EGU General Assembly 2023
© Author(s) 2023. This work is distributed under
the Creative Commons Attribution 4.0 License.

Modeling the partitioning of assimilated C along the soil-plant-atmosphere continuum based on a 13C labeling experiment

Ruth Adamczewski1,2, Qiong Liu2,3, Johanna Pausch2, and Mohsen Zarebanadkouki1
Ruth Adamczewski et al.
  • 1Technical University Munich, School of Life Sciences, Soil Biophysics and Environmental Systems, Freising, Germany
  • 2University of Bayreuth, Agroecology, Bayreuth Center of Ecology and Environmental Research (BayCEER)
  • 3State Key Laboratory for Managing Biotic and Chemical Threats to the Quality and Safety of Agro-products, Institute of Plant Virology, Ningbo University, Ningbo 315211, China

Modeling and quantification of carbon (C) allocation through the soil-plant-atmosphere continuum (SPAC) has received increasing attention in recent years. Although advanced imaging and numerical methods have boosted our knowledge, we still lack an experimental and mechanistic understanding of C flux and its partitioning across the SPAC. Here we combined a 13C pulse labeling technique with modeling of C transport across the SPAC to describe the flow of newly assimilated C from shoots to roots, to soils and then respired back to the atmosphere. To do so, different plants - maize (Zea mays L.), soybean (Glycine max (L.) merr. cv. sohae), and wheat (Triticum aestivum L.) - were exposed to a 13CO2 pulse for 2 hoursduring daytime. A CO2 Isotope Analyzer (CCIA-38d-EP, Los Gatos Research) was used to continuously monitor 13CO2 flux from the soils. Subsequently, after harvest the respective 13C contents of shoot and root biomass and of the soil was quantified.

To model the C fluxes, we developed a simple multi-compartment domain, representing the SPAC. The SPAC was envisioned as four interconnected horizontal compartments namely atmosphere, shoots, roots, and soil compartment. The shoots and roots compartment were further simplified in three vertical compartments (phloem, storage, and structural pool). The C transport between these pools was represented by constant rates. These rates were inversely estimated by adjusting the model parameters to best reproduce the measured C flux and C contents in the various compartments.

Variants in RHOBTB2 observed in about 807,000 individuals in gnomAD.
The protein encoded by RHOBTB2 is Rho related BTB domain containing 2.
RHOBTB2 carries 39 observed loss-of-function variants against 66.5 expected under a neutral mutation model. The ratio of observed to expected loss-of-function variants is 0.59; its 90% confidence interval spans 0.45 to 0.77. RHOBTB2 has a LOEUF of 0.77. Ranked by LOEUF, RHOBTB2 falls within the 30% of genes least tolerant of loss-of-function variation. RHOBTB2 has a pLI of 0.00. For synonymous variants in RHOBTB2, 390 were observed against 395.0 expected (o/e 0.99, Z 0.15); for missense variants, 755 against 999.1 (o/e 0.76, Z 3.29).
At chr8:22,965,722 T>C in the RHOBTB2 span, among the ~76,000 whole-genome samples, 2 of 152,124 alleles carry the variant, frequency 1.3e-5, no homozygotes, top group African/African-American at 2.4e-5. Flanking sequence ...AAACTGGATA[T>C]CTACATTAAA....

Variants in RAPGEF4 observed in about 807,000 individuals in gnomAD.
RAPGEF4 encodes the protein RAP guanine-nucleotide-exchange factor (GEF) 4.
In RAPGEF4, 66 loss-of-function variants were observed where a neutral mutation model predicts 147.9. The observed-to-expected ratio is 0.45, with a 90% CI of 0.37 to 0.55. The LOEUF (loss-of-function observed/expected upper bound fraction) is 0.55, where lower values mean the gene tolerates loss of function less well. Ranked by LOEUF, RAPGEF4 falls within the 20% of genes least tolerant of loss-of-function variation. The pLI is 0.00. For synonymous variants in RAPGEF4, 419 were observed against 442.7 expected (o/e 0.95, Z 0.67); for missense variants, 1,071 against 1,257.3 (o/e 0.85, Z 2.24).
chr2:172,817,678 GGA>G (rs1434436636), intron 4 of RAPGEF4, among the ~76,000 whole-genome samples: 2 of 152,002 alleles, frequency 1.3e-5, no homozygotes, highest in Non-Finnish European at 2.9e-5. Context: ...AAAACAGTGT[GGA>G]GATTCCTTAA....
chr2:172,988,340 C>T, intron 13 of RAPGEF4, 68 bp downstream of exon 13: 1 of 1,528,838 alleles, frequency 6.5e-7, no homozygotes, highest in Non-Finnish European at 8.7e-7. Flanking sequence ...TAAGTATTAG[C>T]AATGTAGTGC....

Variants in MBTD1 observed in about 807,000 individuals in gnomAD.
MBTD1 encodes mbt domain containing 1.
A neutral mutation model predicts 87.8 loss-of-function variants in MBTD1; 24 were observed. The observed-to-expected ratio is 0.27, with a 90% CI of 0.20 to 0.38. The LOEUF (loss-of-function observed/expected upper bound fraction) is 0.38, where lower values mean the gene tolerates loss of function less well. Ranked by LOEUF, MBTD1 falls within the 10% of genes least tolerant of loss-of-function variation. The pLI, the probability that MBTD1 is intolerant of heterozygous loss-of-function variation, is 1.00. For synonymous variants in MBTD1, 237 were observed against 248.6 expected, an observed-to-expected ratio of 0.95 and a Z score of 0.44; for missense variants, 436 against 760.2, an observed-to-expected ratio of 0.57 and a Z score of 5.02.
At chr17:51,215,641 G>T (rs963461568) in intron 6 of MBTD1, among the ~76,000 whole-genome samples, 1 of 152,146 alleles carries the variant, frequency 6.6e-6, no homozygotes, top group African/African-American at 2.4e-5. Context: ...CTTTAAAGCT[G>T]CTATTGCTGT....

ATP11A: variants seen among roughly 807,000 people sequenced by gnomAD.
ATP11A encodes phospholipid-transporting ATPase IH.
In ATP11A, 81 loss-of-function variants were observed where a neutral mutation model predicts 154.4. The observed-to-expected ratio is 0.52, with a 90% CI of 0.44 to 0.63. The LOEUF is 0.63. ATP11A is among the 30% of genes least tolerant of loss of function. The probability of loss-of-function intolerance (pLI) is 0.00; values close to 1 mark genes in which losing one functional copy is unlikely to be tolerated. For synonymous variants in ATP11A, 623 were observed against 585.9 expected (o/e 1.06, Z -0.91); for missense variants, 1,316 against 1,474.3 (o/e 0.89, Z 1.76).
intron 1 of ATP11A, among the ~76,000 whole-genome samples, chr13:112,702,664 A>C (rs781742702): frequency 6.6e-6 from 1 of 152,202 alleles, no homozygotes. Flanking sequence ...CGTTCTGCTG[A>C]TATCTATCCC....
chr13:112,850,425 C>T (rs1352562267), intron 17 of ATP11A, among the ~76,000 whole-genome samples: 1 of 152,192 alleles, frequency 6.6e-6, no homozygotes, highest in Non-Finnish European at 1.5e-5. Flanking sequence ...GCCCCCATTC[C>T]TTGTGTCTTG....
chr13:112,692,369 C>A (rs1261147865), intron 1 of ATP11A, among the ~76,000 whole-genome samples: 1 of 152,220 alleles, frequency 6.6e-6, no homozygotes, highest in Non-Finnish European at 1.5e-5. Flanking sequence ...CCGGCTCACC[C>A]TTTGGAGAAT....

Our model described the allocation and transport of 13C within the shoots, roots, and soil well. The best-fitted coefficients of the model were reproducible among different replications of the same plant species. We also checked the sensitivity of our model to its parameters and observed a good sensitivity to most of the model parameters. In particular, our model was very sensitive to C loading and unloading in the phloem and also root exudation rates. The results of our study show that the combination of tracing 13C and modeling of 13C transport across SPAC is a promising tool to study C flux and its partitioning across SPAC.

How to cite: Adamczewski, R., Liu, Q., Pausch, J., and Zarebanadkouki, M.: Modeling the partitioning of assimilated C along the soil-plant-atmosphere continuum based on a 13C labeling experiment, EGU General Assembly 2023, Vienna, Austria, 24–28 Apr 2023, EGU23-6985,, 2023.

Supplementary materials

Supplementary material file